"Currency Amendment Bill" - Second Reading Speech by Mr Ong Ye Kung, Minister for Education, On Behalf of Mr Tharman Shanmugaratnam, Deputy Prime Minister and Minister-In-Charge of The Monetary Authority of Singapore on 14 Jan 2019
1 Mr Speaker, on behalf of the Minister-In-Charge of MAS, I beg to move, “That the Bill be now read a second time”.
2 The Bill makes amendments to the Currency Act in two areas. First, the legal tender limits for coins. Second, the offence of mutilation of currency notes, to enable the Ministry of Home Affairs (MHA) to license companies that sell Intelligent Banknote Neutralisation Systems (IBNS) or offer cash transportation services using IBNS.
Legal Tender Limits for Coins
3 First, the legal tender limits for coins. The Currency Act places legal tender limits on each coin denomination that are used for payment. The current limits are: $2 for 5-cent, 10-cent and 20-cent coins; $10 for 50-cent coins, and no limit for $1 coins. This means under the Act, a customer can use coins within these limits and legally the seller has to accept the payment.
4 Legal tender limits minimise inconvenience to vendors and their waiting customers. However, a couple of high profile news stories surfaced in 2014 where large quantities of coins, including $1 coins, were used for payment. One case involved the payment of close to $20,000 in coins at a car dealer’s showroom. Another involved over $1,000 worth of coins at a handphone shop at Sim Lim Square.
5 Thereafter, MAS received public feedback on the need to place a legal tender limit on $1 coins. MAS agreed that it was useful to do so.
6 We also took the opportunity to revise the basis for setting legal tender limits. The different value limits for different coins currently are confusing to many and not easy to remember. Further, instead of a value limit, we will limit the number of coins used, since the processing time and effort for coin payment depends more directly on the number of coins used, and less the total value of the coins. For example, it does not make sense to set a value limit of $2 for both 20-cent coins and 5-cent coins, which means that while a customer can use up to forty 5-cent coins, he can only use ten 20-cent coins.
7 We conducted a public consultation exercise on the proposed revisions in 2017. There was broad support from respondents to introduce a limit for $1 coins and have a simple and uniform limit for all coin denominations that is easier to remember.
8 The Bill will therefore streamline the legal tender limits for coins to a uniform limit of 20 coins per denomination in a single payment. This means that a payer can use up to 20 pieces each of 5-cent, 10-cent, 20-cent, 50-cent and $1 coins per transaction. This is much simpler than the current legal tender limits.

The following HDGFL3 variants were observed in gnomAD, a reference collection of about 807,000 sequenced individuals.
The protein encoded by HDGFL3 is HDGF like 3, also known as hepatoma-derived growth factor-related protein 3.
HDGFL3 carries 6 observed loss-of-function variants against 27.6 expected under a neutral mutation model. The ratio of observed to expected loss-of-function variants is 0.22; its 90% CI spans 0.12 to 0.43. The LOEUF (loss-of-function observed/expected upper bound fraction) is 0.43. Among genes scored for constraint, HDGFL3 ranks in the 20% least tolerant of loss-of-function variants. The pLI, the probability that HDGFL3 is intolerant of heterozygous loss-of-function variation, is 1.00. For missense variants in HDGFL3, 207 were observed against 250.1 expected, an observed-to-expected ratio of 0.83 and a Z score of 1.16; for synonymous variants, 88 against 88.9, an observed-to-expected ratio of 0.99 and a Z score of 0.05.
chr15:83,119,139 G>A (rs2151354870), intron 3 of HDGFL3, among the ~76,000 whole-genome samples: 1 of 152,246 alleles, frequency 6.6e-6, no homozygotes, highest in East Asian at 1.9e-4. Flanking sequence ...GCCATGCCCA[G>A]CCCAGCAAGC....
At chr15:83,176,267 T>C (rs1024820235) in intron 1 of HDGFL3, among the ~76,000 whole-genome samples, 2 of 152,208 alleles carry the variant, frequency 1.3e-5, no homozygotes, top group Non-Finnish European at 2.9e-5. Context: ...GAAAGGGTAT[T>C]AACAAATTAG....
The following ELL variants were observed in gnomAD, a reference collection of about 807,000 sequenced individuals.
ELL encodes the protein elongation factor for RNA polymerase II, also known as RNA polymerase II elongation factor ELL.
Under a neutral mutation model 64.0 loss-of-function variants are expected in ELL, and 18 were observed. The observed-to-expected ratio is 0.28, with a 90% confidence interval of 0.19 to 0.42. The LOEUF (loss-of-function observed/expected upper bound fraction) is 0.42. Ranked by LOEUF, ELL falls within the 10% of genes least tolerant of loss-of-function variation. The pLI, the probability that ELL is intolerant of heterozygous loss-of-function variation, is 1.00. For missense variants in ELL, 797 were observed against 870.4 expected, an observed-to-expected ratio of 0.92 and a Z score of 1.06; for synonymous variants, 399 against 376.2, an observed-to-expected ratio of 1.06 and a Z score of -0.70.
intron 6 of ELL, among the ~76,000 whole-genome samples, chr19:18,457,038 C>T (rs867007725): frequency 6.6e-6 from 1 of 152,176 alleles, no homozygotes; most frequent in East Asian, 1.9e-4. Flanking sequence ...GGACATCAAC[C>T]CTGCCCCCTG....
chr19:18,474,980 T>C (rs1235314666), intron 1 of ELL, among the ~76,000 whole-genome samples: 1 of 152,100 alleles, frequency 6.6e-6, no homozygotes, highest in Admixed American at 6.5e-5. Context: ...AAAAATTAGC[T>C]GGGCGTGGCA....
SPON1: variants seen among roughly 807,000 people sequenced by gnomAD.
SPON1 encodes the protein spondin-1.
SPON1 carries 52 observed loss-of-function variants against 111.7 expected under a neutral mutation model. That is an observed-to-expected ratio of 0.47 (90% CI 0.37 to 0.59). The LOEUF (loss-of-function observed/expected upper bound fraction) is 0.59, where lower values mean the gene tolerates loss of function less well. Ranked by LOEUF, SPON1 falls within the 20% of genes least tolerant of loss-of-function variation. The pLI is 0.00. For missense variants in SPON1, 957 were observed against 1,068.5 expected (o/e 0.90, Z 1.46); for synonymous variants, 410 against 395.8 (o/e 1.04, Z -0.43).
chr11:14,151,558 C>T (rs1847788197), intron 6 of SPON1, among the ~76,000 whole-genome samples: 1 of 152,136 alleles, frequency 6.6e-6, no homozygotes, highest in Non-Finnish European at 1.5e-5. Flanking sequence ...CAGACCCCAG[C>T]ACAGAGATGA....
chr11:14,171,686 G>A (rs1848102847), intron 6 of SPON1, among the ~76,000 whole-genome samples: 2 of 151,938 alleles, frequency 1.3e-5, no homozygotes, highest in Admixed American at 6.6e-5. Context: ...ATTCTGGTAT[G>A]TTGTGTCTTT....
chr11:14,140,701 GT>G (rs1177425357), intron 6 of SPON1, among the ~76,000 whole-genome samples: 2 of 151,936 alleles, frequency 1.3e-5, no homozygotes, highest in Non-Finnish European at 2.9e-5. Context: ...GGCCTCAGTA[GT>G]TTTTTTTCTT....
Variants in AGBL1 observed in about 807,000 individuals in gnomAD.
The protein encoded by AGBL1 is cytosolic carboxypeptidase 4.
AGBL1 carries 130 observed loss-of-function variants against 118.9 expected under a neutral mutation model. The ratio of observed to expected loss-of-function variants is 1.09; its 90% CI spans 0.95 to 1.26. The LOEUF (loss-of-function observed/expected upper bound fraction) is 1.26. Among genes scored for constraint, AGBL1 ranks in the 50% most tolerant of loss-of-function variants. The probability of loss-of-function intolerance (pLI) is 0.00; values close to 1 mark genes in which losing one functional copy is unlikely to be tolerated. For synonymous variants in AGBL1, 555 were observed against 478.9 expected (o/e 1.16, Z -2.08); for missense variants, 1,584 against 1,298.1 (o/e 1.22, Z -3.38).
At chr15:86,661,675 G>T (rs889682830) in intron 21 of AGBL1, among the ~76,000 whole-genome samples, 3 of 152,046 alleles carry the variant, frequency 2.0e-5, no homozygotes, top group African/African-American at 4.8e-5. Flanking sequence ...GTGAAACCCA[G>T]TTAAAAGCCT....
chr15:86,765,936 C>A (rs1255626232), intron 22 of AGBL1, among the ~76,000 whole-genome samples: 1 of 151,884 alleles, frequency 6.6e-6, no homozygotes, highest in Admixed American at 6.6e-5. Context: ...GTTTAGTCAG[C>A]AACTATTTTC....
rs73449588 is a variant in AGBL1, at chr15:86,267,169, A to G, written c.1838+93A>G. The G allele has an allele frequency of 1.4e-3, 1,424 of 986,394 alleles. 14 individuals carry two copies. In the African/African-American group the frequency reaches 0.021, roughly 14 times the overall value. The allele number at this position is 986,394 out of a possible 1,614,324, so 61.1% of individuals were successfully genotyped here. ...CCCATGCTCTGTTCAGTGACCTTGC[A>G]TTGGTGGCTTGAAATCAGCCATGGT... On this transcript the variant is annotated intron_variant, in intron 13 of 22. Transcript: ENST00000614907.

9 Notwithstanding the legal tender limit, a customer and a vendor can mutually agree to transact using quantities of coins above the limit. But I am sure such instances will be infrequent, especially when more people switch to using electronic payment.
Use of IBNS
10 Mr Speaker, I will now move to the second area of amendment to support MHA’s plan to allow the use of IBNS.
11 IBNS is a security system installed in containers used in the transportation of currency notes. It will permanently damage or deface the currency notes housed within it when there is an attempted robbery. This deters robbery because the loot can be easily destroyed. IBNS is used in many countries in the European Union.
12 Some companies intend to introduce IBNS services in Singapore. MHA will facilitate this so that it is available to banks and other businesses. There are certain advantages, such as replacing armed Auxiliary Police Officers who are needed today to transport large amounts of cash, and reducing the risk of violent crimes. This can free up scarce armed Auxiliary Police Officers for more critical operations.
13 MHA intends to license companies that sell IBNS or offer cash transportation services using IBNS as security service providers under the Private Security Industry Act (PSIA). It intends to obtain industry feedback to develop the licensing conditions. MHA and MAS will also conduct a joint education exercise to inform the public on the identification and handling of IBNS-damaged notes.
14 The Bill will amend section 23 of the Currency Act to make clear that an IBNS-damaged note is not legal tender. Under specific conditions, the Bill will exempt a holder or applicant of a security service provider licence from the offence of mutilation of currency notes.
15 Two related amendments will also be made to the PSIA, so as to give effect to the Currency Act amendments.
16 Mr Speaker, I beg to move.
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